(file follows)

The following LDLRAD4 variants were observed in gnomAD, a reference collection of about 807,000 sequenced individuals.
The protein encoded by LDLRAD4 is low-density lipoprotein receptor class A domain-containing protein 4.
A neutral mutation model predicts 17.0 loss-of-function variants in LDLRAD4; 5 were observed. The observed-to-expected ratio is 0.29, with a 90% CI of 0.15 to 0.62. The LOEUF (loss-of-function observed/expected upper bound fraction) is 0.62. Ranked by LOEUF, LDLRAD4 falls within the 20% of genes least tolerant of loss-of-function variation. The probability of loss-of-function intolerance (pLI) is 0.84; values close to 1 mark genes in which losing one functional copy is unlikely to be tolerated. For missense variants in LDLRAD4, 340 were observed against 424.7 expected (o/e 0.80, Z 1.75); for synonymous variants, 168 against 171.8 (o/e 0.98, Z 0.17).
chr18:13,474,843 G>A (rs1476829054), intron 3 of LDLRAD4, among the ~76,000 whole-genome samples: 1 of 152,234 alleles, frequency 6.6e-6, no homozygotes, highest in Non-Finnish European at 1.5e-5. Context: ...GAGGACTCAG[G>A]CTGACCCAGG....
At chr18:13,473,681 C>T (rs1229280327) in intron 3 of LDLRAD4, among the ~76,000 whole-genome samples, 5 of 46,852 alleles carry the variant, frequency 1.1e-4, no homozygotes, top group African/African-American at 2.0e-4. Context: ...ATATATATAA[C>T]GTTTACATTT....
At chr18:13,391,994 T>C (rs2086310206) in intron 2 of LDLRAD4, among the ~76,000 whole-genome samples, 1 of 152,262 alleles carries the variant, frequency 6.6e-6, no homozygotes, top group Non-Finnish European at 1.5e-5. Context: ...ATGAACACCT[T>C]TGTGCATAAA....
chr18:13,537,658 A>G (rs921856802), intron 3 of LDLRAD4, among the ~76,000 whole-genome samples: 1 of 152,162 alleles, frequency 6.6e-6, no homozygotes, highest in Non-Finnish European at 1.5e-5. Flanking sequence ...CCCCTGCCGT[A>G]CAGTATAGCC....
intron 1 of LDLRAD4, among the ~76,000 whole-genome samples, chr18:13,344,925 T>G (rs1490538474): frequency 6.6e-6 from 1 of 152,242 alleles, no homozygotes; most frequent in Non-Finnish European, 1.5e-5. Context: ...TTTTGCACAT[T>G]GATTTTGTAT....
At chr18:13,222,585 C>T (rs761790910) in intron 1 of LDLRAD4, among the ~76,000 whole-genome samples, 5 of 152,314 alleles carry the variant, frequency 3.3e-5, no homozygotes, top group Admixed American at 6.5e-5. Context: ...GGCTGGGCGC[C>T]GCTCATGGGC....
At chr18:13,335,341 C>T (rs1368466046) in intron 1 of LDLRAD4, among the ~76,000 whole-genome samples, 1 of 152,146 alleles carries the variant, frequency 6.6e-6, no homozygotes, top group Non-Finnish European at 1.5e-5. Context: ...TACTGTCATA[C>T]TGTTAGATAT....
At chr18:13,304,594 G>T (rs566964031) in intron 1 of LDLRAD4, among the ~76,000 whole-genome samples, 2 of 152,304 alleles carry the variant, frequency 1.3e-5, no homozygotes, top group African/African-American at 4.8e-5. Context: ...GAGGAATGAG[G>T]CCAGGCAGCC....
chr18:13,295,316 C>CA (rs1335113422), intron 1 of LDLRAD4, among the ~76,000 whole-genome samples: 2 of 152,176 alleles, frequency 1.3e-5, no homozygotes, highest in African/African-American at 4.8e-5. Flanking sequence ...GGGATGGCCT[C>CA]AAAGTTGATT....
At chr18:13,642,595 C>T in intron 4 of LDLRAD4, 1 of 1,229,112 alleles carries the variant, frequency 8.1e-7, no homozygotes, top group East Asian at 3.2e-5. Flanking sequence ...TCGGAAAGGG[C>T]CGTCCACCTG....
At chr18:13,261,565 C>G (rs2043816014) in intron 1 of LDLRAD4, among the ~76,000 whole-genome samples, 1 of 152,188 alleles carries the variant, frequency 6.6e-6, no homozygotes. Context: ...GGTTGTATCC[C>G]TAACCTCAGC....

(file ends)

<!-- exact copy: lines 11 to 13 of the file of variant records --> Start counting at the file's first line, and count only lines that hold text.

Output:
At chr18:13,304,594 G>T (rs566964031) in intron 1 of LDLRAD4, among the ~76,000 whole-genome samples, 2 of 152,304 alleles carry the variant, frequency 1.3e-5, no homozygotes, top group African/African-American at 4.8e-5. Context: ...GAGGAATGAG[G>T]CCAGGCAGCC....
chr18:13,295,316 C>CA (rs1335113422), intron 1 of LDLRAD4, among the ~76,000 whole-genome samples: 2 of 152,176 alleles, frequency 1.3e-5, no homozygotes, highest in African/African-American at 4.8e-5. Flanking sequence ...GGGATGGCCT[C>CA]AAAGTTGATT....
At chr18:13,642,595 C>T in intron 4 of LDLRAD4, 1 of 1,229,112 alleles carries the variant, frequency 8.1e-7, no homozygotes, top group East Asian at 3.2e-5. Flanking sequence ...TCGGAAAGGG[C>T]CGTCCACCTG....